In overcoming the near-miss effect, obviously, the straightforward move is to make the gambler drop that split of the outcome combination in two sequences. In this representation, there is no near-miss or near-miss effect. A cognitive intervention based on the “no-split” representation might or might not be successful. The near-miss effect has—like all the other cognitive distortions—neurological and psychological causes that may prevail over cognitive-educational assets. Our brain makes associations all the time, and some of them trigger emotions that many times potentiate fallacious beliefs.

But in the case of the near-miss, there is always a positive alternative with regard to correction: If the “no-split” representation does not work for the gambler, there remains the mathematical description showing that “that close” in a gambler’s metric is actually “thus far” in probability measurement, and the near-miss is just a miss; in other words, when frequent near-misses occur, the gambler is not constantly missing but losing.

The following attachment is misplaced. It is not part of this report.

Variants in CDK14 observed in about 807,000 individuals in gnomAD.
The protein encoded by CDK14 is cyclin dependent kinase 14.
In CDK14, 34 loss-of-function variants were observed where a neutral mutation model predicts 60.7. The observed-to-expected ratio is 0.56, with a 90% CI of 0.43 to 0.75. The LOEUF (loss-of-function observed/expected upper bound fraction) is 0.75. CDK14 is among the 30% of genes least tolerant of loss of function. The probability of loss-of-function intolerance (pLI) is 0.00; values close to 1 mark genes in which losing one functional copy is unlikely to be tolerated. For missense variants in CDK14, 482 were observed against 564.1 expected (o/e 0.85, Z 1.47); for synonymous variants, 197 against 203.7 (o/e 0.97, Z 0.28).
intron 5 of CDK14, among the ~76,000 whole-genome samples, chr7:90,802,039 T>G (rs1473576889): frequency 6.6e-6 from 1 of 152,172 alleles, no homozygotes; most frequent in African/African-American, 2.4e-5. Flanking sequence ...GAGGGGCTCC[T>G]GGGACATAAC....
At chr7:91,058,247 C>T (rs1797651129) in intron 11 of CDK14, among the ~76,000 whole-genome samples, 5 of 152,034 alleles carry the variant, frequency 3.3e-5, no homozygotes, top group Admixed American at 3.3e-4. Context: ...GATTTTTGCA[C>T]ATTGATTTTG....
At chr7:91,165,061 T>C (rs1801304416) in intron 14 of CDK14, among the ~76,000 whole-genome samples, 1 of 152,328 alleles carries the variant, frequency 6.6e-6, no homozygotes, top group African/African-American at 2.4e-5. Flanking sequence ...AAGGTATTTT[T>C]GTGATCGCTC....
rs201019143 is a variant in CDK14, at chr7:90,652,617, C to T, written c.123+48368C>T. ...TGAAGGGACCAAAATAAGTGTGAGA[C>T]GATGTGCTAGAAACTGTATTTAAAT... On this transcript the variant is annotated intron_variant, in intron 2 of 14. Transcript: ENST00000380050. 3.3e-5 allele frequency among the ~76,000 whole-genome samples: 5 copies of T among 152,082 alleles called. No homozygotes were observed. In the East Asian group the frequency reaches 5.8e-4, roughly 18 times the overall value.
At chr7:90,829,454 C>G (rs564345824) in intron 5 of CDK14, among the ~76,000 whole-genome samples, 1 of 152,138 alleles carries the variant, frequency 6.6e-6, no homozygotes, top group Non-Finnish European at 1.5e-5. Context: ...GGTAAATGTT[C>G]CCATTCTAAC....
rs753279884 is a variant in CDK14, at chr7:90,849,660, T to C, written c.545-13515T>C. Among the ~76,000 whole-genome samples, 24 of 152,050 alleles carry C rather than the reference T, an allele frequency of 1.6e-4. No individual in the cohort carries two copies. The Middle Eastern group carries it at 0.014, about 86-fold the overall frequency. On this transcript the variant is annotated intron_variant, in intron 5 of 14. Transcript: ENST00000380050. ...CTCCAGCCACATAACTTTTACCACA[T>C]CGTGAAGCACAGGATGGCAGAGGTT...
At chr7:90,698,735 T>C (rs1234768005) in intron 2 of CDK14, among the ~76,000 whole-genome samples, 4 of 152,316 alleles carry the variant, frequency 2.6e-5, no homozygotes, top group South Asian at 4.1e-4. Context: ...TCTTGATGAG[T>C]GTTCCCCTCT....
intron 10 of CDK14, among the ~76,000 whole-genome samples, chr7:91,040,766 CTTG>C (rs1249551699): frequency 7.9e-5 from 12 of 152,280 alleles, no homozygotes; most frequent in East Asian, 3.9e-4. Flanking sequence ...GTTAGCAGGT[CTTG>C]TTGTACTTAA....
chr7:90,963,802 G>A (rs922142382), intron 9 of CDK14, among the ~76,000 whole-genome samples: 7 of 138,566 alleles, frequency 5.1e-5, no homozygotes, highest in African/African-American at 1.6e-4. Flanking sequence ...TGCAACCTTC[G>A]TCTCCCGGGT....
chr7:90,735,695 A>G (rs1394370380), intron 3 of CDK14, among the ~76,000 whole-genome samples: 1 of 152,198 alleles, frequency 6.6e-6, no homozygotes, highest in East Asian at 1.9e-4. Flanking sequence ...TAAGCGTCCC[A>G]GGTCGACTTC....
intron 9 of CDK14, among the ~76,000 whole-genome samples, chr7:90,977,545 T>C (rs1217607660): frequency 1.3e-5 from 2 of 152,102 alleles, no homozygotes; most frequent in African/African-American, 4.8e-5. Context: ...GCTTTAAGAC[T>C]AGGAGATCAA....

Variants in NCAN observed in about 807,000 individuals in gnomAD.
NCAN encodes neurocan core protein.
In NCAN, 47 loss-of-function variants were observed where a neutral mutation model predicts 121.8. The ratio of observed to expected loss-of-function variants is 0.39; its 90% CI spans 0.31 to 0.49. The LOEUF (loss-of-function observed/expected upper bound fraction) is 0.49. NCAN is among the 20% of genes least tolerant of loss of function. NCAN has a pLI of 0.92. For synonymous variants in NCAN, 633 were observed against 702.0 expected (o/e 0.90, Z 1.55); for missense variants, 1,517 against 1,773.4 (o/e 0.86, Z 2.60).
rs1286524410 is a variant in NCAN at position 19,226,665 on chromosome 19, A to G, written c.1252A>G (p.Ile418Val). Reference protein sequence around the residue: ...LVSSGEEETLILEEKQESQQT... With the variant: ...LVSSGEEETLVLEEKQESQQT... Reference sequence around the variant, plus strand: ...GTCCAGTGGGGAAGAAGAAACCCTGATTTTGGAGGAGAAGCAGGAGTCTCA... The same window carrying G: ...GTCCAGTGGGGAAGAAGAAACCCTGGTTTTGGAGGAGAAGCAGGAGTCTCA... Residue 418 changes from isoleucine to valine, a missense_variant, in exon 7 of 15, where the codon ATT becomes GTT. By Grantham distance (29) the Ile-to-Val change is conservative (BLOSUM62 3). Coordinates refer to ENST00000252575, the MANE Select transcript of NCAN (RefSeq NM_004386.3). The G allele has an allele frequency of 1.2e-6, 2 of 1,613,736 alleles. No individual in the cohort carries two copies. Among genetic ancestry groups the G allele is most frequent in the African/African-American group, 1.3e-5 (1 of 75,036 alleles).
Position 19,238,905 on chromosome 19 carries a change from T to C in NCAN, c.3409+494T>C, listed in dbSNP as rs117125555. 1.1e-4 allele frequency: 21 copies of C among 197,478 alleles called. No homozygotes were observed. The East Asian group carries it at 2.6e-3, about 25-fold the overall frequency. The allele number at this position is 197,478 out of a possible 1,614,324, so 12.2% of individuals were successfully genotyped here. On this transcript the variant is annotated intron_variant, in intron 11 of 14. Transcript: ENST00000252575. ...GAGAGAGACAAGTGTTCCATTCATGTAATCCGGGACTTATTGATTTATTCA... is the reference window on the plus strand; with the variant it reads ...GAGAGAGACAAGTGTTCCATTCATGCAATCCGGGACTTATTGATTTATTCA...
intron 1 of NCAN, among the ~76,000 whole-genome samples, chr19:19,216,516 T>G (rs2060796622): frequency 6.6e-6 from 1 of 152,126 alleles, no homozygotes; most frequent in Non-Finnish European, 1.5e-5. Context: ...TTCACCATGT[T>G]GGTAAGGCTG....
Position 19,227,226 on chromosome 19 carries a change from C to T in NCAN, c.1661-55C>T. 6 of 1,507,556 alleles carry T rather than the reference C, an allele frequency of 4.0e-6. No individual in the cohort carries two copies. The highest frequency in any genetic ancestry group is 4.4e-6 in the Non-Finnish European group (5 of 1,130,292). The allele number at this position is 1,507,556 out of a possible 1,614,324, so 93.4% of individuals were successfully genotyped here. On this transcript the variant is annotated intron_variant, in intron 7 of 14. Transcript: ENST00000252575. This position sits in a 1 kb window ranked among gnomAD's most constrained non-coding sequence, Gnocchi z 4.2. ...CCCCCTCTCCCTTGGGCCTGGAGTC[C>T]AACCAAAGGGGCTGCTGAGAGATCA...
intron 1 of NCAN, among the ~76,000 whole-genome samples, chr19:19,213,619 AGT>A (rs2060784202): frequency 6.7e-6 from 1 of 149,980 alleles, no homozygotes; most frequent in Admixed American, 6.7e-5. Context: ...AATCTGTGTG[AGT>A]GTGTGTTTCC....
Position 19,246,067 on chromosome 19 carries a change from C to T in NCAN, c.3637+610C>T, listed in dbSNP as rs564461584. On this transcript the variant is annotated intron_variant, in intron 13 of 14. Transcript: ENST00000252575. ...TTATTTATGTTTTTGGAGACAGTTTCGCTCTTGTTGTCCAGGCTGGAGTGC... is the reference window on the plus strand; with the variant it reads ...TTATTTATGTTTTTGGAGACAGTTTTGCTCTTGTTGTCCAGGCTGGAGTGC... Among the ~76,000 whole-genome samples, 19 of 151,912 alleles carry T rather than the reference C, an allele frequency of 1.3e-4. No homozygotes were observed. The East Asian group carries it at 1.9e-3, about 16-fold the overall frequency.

References

Bărboianu, C. (2019). The epistemology of the near miss and its potential contribution in the prevention and treatment of problem-gambling. Journal of Gambling Studies, 35, 1063–1078.

Bărboianu, C. (2022). Understanding your game: a mathematician’s advice for rational and safe gambling. Târgu Jiu: PhilScience Press.

Griffiths, M. (1991). Psychobiology of the near-miss in fruit machine gambling. The Journal of Psychology, 125(3), 347–357.

Stange, M., Graydon, C., & Dixon, M. J. (2016). “I was that close”: investigating players’ reactions to losses, wins, and near-misses on scratch cards. Journal of Gambling Studies, 32(1), 187–203.